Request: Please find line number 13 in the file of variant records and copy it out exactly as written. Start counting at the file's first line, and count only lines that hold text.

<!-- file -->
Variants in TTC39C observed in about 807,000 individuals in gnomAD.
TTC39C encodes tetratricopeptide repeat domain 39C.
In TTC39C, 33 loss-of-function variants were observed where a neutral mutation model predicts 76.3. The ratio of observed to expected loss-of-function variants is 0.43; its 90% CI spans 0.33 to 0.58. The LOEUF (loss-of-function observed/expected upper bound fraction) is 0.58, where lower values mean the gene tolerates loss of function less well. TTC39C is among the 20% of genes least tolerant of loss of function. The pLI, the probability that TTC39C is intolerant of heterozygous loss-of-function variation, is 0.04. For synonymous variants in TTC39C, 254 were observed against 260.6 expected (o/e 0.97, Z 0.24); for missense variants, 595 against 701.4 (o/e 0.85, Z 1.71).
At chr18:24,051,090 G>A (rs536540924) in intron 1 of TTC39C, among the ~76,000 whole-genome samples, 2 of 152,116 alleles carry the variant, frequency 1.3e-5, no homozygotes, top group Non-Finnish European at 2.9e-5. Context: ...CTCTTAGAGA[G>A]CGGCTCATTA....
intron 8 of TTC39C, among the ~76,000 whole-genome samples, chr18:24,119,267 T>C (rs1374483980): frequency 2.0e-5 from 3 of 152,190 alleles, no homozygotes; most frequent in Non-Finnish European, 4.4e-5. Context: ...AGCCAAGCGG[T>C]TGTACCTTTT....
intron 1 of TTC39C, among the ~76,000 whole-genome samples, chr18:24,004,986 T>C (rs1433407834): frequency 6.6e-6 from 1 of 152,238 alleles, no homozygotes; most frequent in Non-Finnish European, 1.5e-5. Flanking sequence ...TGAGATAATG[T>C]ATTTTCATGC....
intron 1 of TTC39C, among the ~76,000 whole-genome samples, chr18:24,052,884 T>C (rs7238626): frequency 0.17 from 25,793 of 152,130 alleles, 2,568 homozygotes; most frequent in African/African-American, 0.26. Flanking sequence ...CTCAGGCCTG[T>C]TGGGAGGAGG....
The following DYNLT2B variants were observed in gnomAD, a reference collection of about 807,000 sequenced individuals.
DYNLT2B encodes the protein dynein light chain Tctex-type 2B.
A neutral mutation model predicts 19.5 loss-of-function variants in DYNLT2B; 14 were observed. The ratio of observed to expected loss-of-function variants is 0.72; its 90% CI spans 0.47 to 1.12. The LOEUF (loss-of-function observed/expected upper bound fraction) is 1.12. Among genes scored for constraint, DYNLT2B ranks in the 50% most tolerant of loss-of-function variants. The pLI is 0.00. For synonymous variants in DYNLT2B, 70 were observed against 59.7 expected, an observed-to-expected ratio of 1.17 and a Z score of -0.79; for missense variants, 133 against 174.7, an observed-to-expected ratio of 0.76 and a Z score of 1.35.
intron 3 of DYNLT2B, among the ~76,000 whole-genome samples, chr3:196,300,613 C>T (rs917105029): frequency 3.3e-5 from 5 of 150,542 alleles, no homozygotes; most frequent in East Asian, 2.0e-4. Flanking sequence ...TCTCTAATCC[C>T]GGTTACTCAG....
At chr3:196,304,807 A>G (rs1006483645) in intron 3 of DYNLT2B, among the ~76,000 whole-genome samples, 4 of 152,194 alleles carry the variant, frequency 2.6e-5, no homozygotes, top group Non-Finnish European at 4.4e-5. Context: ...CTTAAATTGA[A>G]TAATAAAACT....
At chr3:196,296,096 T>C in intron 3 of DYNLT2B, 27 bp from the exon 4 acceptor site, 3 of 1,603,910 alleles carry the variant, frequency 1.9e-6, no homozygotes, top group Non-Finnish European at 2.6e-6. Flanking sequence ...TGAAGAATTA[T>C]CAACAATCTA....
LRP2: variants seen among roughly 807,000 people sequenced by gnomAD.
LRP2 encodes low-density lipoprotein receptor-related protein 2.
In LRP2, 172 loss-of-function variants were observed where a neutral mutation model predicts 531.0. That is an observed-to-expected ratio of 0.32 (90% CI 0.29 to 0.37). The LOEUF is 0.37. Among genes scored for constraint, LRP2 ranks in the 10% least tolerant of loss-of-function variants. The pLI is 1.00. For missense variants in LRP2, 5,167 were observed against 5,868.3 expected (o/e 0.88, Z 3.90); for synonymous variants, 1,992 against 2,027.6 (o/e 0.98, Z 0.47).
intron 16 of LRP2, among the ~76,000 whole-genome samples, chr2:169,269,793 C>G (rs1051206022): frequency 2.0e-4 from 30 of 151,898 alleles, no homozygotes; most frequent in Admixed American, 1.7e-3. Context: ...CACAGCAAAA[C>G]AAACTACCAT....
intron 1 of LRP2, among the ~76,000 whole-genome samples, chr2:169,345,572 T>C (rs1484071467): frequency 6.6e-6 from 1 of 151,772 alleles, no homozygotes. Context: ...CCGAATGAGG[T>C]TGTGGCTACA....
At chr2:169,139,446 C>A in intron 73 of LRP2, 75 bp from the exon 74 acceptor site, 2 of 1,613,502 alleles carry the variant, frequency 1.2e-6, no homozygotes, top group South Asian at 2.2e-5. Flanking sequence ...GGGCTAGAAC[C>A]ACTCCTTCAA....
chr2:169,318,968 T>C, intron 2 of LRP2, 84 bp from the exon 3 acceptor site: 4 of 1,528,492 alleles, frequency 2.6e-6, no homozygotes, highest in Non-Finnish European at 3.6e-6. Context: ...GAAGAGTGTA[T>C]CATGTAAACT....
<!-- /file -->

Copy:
At chr3:196,296,096 T>C in intron 3 of DYNLT2B, 27 bp from the exon 4 acceptor site, 3 of 1,603,910 alleles carry the variant, frequency 1.9e-6, no homozygotes, top group Non-Finnish European at 2.6e-6. Flanking sequence ...TGAAGAATTA[T>C]CAACAATCTA....